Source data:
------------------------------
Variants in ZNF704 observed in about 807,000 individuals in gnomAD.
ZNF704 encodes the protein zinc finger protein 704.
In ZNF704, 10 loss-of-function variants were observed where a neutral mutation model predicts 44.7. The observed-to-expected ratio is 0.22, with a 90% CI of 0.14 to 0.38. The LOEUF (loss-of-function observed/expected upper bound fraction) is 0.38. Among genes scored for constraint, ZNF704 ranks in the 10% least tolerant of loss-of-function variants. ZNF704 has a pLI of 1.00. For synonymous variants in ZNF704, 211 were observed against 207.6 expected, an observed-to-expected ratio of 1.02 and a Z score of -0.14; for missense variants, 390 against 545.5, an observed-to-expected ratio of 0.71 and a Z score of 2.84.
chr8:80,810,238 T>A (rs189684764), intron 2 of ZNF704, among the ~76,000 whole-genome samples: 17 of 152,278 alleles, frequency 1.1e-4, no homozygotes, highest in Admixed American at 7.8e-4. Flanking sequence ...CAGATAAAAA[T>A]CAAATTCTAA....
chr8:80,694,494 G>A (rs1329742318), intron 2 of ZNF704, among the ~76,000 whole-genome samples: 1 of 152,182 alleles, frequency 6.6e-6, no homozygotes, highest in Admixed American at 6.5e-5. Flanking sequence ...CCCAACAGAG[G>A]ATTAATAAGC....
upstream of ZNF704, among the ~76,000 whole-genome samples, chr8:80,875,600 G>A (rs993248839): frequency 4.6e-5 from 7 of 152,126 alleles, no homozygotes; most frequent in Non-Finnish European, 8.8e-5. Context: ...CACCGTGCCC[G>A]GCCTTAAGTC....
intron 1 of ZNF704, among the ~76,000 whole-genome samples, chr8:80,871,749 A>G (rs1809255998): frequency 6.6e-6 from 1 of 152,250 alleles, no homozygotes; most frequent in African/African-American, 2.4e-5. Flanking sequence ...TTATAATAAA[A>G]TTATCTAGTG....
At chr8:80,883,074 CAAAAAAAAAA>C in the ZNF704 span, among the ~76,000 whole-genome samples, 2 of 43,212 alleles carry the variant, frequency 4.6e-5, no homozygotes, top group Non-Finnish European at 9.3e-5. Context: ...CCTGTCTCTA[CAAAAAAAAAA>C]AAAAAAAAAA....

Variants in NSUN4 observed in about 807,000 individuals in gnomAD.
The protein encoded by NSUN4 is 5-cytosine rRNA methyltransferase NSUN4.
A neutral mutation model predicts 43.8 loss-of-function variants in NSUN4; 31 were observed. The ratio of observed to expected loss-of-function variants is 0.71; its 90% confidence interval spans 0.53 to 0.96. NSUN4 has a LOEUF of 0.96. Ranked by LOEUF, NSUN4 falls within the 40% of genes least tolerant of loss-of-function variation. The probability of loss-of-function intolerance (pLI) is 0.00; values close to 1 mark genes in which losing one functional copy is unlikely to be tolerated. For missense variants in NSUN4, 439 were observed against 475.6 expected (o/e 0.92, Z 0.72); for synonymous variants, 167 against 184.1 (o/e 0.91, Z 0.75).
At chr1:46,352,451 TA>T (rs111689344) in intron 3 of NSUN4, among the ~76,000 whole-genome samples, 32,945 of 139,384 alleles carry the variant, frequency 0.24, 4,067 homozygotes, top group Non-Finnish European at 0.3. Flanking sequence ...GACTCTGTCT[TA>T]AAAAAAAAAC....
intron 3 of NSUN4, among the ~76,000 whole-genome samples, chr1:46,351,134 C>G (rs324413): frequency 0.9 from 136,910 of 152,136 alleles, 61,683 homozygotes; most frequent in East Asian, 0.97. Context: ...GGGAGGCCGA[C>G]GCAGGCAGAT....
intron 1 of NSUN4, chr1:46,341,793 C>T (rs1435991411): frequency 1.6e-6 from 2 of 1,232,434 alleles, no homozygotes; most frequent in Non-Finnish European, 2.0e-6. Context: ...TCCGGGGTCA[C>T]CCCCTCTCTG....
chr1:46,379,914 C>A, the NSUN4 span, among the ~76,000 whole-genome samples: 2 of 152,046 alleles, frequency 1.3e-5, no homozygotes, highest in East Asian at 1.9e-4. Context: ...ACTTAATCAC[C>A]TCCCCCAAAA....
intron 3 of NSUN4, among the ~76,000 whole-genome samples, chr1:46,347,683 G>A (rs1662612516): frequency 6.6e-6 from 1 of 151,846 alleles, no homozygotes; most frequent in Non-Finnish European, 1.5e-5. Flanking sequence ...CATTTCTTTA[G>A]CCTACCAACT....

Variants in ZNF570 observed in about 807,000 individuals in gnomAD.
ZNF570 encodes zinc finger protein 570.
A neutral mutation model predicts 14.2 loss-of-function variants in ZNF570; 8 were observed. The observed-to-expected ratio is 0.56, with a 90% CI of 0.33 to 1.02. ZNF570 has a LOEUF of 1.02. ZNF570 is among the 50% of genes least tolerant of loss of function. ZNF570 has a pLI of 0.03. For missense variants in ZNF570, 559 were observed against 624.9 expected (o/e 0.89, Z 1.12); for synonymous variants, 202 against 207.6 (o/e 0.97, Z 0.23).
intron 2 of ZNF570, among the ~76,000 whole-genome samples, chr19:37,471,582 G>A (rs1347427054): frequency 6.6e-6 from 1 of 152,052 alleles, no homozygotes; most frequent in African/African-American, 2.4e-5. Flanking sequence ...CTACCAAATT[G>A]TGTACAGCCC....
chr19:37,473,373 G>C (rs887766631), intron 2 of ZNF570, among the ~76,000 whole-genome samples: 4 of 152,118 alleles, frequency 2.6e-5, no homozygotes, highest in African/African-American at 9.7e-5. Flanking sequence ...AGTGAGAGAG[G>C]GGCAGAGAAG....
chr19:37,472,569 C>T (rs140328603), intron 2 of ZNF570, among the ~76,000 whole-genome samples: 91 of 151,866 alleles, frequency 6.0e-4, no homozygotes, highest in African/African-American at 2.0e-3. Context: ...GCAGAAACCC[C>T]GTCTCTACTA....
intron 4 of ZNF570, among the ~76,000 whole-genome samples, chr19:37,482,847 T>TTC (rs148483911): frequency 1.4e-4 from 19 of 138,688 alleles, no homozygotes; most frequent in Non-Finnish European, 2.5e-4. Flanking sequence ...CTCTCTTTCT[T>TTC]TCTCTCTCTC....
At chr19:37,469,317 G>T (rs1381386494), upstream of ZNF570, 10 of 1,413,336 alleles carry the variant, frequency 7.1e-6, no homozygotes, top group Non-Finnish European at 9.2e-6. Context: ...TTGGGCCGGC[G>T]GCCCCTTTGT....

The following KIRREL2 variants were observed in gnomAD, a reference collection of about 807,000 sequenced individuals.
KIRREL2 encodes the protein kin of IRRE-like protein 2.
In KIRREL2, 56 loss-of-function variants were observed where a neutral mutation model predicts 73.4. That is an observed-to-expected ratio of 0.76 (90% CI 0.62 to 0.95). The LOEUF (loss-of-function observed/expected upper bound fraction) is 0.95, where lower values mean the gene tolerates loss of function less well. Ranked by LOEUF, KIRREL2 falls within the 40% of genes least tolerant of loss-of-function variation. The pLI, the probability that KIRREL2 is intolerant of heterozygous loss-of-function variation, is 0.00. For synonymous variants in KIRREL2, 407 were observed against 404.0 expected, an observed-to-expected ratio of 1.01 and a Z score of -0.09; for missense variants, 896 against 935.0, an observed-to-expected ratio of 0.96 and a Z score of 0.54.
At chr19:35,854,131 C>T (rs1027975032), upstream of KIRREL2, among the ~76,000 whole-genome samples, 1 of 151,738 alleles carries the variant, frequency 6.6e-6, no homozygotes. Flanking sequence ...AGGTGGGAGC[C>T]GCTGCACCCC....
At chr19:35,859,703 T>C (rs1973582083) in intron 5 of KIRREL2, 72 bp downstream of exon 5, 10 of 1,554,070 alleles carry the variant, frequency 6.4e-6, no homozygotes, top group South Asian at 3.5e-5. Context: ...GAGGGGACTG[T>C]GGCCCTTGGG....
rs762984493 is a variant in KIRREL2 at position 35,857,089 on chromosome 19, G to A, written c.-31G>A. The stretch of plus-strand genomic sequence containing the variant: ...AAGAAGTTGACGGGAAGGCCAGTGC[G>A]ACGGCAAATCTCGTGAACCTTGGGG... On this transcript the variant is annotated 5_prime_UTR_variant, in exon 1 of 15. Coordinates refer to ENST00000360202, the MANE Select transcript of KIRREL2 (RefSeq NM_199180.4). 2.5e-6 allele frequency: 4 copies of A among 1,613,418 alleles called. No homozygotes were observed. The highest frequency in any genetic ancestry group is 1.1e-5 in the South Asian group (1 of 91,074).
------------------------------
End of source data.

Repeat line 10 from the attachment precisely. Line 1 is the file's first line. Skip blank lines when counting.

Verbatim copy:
The protein encoded by NSUN4 is 5-cytosine rRNA methyltransferase NSUN4.